Hong Kong, 23 September 1997 (RFE/RL) - The plenary sessions of the annual joint meetings of the International Monetary Fund (IMF) and the World Bank that opened today in Hong Kong are to sum up the week-and-a-half of intense earlier activity.
The meetings bring together the finance ministers and central bank governors from virtually every nation on earth. In thousands of private get-togethers, public fora, receptions, dinners and casual hall-way meetings, the world's financial community takes advantage of this occasion to conduct an enormous amount of economic business.
It is also a time for assessing the situation of the global economy -- to catch the concerns and complaints, early warnings and quiet cautions -- from even the most remote corners of the world economy.
"In this economy, policy mistakes by anyone, even by one small country, are quickly punished by the markets, and reversing those mistakes is a lot more difficult," said one World Bank official.
This ear-to-the-ground assessing is a particularly important part of what the leaders of the World Bank and the IMF do and their formal remarks at the meetings often show the direction in which these two institutions will be moving in the months ahead.
In Hong Kong today both IMF Managing Director Michel Camdessus and World Bank President James Wolfensohn emphasized the need for unity.
Camdessus said that all of the participants in the global economy have to take responsibility for their own actions -- individual countries as much as the private investors who bring the money.
"Certainly there are risks in tapping global markets," the IMF chief said, but they also provide "tremendous opportunities" to accelerate growth and development.
As each takes responsibility, there is also need for "international solidarity in this new global context," said Camdessus. After all, problems -- contagion -- spreads quickly, overwhelming even those who have done nothing wrong, he said. Neighboring countries must start looking out for each other.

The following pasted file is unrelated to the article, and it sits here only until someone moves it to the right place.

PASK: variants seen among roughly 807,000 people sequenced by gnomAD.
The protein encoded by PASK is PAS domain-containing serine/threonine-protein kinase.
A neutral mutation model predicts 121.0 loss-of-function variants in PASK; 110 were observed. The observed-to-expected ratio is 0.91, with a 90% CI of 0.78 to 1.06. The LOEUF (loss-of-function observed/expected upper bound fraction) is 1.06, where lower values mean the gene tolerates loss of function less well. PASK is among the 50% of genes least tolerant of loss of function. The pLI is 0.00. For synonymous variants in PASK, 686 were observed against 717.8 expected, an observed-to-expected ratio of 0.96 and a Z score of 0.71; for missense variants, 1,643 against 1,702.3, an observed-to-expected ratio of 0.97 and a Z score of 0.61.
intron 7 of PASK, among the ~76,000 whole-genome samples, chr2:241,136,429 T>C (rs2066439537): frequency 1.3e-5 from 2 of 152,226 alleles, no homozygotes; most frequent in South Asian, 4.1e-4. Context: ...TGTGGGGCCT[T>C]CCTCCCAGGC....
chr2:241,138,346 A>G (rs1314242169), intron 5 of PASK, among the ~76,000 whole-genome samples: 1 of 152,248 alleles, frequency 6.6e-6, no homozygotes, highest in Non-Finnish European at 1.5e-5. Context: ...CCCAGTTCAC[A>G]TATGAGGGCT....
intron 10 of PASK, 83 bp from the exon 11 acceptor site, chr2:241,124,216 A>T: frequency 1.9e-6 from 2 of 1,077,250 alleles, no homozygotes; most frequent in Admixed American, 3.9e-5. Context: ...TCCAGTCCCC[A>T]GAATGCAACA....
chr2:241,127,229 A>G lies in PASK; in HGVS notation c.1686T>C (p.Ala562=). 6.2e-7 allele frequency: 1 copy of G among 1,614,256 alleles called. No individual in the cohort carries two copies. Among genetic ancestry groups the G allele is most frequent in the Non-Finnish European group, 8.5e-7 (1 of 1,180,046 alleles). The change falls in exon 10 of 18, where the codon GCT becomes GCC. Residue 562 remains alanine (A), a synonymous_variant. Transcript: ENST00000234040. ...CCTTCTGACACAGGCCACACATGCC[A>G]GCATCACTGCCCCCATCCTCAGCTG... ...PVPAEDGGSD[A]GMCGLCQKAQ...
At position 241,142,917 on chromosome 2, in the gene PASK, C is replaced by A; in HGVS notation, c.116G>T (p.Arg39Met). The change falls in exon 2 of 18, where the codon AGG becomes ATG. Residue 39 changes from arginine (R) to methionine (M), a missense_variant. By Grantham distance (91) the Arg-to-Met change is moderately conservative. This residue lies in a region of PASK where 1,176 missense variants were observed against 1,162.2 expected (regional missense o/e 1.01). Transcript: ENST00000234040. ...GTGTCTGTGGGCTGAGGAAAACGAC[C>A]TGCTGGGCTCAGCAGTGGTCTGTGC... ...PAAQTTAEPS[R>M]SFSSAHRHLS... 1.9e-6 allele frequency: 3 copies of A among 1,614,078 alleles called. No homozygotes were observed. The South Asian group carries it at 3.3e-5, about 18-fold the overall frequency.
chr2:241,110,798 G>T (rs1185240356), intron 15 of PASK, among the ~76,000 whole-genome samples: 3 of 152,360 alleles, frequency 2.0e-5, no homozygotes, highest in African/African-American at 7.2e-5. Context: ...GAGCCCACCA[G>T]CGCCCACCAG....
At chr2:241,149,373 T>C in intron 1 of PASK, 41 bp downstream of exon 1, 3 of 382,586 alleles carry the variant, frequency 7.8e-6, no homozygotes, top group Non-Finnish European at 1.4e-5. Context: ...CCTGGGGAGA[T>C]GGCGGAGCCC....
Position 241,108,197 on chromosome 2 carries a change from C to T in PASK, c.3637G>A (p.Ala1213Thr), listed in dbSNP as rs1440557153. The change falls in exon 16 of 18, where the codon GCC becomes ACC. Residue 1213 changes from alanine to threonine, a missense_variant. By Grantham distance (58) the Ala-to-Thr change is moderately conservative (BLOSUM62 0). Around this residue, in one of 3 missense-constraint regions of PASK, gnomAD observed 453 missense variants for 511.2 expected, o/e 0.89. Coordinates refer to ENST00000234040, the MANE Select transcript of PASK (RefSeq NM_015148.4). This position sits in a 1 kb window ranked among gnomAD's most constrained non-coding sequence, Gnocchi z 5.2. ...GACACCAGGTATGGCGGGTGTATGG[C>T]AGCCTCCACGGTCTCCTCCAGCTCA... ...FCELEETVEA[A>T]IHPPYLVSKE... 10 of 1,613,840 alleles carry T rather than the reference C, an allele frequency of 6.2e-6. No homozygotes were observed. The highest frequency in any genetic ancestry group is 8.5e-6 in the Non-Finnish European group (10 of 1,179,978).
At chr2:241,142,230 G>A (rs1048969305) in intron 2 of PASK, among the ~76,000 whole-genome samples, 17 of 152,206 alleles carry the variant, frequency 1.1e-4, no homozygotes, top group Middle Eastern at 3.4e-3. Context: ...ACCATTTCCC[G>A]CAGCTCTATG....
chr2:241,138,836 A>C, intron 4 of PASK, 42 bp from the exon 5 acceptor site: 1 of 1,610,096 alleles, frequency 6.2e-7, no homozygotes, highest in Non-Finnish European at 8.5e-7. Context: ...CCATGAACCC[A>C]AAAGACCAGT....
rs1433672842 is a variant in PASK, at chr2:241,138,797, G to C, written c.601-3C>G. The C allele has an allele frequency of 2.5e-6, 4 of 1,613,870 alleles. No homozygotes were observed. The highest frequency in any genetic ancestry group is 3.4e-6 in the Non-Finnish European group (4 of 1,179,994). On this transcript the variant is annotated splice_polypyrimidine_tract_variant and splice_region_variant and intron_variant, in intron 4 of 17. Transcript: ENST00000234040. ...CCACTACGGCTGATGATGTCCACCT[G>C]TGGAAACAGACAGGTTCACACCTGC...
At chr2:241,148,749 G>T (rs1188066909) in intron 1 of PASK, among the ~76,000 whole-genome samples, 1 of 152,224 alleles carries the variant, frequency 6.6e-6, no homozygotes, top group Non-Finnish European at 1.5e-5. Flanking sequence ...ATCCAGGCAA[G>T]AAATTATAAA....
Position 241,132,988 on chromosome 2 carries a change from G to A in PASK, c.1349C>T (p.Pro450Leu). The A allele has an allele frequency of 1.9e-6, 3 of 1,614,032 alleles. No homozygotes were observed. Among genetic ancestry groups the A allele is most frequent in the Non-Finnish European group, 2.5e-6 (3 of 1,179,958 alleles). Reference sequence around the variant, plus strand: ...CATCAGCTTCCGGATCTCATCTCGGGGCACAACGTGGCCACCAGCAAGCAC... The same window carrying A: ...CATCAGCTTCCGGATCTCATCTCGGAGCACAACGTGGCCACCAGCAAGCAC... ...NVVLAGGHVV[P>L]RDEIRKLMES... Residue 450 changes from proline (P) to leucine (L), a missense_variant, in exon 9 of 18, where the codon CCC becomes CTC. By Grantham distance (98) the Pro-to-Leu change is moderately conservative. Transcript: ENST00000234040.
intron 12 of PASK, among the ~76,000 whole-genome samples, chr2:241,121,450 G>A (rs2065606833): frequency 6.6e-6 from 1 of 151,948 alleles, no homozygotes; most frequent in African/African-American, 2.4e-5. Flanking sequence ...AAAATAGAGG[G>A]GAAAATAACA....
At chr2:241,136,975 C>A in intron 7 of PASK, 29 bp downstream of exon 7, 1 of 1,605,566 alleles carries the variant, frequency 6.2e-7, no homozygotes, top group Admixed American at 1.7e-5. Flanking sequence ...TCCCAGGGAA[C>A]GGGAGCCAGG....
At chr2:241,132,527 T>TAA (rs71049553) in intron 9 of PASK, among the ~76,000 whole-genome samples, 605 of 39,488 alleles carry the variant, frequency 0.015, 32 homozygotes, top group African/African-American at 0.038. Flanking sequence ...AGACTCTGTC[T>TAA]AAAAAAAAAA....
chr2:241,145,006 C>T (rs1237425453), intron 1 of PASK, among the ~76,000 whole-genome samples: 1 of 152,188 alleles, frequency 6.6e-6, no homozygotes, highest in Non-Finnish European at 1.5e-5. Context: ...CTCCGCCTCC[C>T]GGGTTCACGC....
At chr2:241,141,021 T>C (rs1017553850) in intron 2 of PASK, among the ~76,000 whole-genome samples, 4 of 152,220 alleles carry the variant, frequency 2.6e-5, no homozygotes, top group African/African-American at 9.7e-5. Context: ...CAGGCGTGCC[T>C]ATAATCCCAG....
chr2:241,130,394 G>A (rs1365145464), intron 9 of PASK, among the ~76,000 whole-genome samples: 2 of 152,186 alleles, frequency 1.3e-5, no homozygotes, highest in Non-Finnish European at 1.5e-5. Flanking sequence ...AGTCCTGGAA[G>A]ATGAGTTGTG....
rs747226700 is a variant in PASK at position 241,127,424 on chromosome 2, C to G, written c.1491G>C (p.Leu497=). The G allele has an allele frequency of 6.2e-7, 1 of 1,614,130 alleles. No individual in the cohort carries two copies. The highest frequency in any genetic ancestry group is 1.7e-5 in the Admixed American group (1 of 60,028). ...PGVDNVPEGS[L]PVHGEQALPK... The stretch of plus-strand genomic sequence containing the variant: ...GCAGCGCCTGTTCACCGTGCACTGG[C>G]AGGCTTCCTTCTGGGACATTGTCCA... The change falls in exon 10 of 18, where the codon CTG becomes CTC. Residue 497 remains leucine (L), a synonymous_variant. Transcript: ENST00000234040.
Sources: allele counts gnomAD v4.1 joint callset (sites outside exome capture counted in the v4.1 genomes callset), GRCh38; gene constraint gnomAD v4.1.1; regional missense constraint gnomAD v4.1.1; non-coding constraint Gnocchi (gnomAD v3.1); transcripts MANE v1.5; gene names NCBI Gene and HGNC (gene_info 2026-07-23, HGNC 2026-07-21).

He suggested forming regional groups in a "club spirit among neighbors" to work together, helping encourage each other to pursue sound policies and catch problems early.
He cited the model of the G-7 group of major industrial nations as one that has done a good job of mutual surveillance.
World Bank President Wolfensohn's called for inclusion stemmed from his concerns about the growing gap between the rich and the poor in the global economy. "In many ways, this is the best of times for developing nations," with solid growth being shown by many and the reform programs in East and Central Europe continuing to advance.
But he also said that in many countries, including those of the former Soviet Union, the old and unemployed have become even more vulnerable amidst the turbulence.
If everyone doesn't start working to stop this growing divide between rich and poor, both within countries and between countries, he said, the number of people in acute poverty could grow to 5 billion people in the next 30 years, the environment would deteriorate over time and the number of wars would increase.
This is a "time bomb" which could "explode in our children's faces," he said.
"There are not two worlds," said Wolfensohn, everyone is breathing the same air, degrading the same environment and now sharing the same financial system. Organizations like the World Bank must start thinking beyond just individual projects to finance, but begin developing larger national -- and then regional -- strategies for dealing with the problems and launching systemic reforms.
Because in the end, he said, to succeed the global economy must be inclusive. And everyone must take personal responsibility for making sure that all get their chance.